Pantana's Pratt Fellows Advisor is Dr. Tomoyuki Yoshie, Assistant Professor of Electrical and Computer Engineering at Duke University. Pantana will be applying to PhD programs in Electrical Engineering/Applied Physics after graduating, and hopes to continue her research in Photonics in the future.
Modeling the atrial fibrotic structure of patients suffering from Atrial
Supervising Professor: Dr. Craig Henriquez, Professor of Biomedical
Engineering and Computer Science
Shravan Verma is a senior Pratt Fellow in Biomedical Engineering and is working to
model the fibrotic structure of the atria in the heart using electrograms from patients
suffering from Atrial Fibrillation. He has modeled algorithms to detect the presence of AF
based on dominant frequencies using signal-processing techniques. Currently, he is
studying the causes of fractionation in AF electrograms and using that to relate it to the
underlying fibrotic structure. To do this, he is using Cardiowave, a modular simulation
system for Biodomain equations, in order to create a computer model that will behave
electrically similar to a human heart during AF. The causes and mechanism of atrial
fibrillation are not well understood; therefore, the methods of treatment are not very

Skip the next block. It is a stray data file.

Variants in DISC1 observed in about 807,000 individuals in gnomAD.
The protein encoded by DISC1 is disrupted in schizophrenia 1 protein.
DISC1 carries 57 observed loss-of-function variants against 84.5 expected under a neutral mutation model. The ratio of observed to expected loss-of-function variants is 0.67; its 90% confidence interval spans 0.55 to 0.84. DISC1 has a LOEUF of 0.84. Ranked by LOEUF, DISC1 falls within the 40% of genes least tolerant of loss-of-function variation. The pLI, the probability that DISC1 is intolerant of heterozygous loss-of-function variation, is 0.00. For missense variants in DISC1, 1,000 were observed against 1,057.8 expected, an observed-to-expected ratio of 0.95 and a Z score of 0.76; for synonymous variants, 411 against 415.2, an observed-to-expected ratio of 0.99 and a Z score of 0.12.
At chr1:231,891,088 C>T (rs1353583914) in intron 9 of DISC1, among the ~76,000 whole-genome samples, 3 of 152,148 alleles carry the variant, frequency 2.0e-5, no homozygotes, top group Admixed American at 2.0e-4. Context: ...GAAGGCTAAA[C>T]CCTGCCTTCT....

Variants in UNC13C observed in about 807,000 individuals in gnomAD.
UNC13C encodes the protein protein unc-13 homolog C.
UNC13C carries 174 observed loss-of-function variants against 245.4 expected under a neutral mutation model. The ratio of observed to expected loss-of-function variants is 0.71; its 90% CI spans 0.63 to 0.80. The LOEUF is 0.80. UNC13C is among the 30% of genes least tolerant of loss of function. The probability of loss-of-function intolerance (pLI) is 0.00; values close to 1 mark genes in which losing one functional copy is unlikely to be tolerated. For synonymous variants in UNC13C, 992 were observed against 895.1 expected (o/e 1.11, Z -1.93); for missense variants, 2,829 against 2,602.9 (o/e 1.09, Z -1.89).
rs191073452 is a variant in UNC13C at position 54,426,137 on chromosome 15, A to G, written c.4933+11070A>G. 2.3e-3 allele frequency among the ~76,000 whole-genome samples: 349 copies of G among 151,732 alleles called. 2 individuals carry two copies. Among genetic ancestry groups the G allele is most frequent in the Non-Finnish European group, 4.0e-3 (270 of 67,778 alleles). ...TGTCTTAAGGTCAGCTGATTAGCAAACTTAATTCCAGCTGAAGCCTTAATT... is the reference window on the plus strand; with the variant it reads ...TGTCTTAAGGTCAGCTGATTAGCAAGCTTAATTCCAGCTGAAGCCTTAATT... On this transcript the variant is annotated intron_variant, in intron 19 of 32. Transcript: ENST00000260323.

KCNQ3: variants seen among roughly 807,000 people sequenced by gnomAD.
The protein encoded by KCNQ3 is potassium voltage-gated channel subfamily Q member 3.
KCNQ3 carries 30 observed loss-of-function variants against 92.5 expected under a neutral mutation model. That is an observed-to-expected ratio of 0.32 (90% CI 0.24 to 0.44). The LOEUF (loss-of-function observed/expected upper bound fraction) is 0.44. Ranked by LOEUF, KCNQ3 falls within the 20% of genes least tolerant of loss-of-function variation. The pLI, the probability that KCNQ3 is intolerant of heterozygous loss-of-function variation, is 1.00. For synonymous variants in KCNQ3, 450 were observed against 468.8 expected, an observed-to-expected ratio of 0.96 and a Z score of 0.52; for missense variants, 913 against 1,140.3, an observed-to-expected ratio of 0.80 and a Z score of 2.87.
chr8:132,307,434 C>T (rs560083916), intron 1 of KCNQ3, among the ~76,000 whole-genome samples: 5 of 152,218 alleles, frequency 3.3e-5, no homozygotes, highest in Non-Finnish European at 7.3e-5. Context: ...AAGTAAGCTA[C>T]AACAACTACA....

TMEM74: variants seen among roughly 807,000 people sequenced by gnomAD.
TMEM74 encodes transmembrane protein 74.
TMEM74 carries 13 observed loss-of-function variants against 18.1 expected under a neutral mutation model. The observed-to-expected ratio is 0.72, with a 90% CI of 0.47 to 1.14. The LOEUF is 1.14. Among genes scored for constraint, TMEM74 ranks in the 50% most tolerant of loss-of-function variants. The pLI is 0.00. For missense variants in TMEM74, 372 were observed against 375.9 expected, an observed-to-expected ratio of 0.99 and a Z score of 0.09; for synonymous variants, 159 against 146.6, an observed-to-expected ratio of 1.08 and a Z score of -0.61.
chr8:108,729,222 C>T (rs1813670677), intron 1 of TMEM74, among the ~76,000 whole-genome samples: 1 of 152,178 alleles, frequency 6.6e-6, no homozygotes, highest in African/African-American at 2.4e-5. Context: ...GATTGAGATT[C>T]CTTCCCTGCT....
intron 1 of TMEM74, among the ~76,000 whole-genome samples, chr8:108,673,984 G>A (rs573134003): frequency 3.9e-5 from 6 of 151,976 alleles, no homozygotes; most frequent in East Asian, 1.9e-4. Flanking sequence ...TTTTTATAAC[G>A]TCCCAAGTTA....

efficient. Knowing the structure of the atria, a cardiologist will be able to conduct timely treatment of AF knowing the best approach to enter and the exact sites that need to be ablated using radiofrequency or any other method that may be suitable.
Shravan Verma’s Pratt Fellows Advisor is Dr. Craig Henriquez, Professor of Biomedical
Engineering and Computer Science at Duke University. Shravan will be applying to
medical schools for an MD, and hopes to continue research work in the field of cardiac
Aeroelastic Study of a Folding Wing Configuration Using Component Modal Analysis
Supervising Professor: Dr. Earl Dowell, William Holland Hall Professor of Mechanical
Engineering, Dean Emeritus
A folding wing is a wing configuration consisting of multiple segments, where the angle
between any pair of adjacent segments can change during flight. A previous Pratt Fellow
(Sebastian Liska) has analyzed a simplified folding wing using a continuum model. This
project analyzes the aeroelastic instabilities of a folding wing using component mode
analysis, allowing us to initially analyze the two halves of the wing as separate parts
using relatively simple equations of motion, and then combine the two parts using constraint
functions. Consequently, the analysis takes on a modular approach, where additional
complexities to the system will be added into the model as needed without rederiving existing
equations of motion.
The aeroelastic instabilities in question are divergence - a positive feedback between lift
and wing rotation that leads to failure, and flutter - a dynamic instability where oscillation
of wing grows in amplitude. The analysis involves determining the kinetic and potential
energies of the entire system, as well as calculating the work due to aerodynamic forces.
Three aerodynamic models, steady, quasi-steady, and Theodorsen’s unsteady theory, have been
implemented. The results match very well with Liska’s continuum model for all cases considered.
Design is underway for a flutter experiment for testing in the Duke University wind tunnel.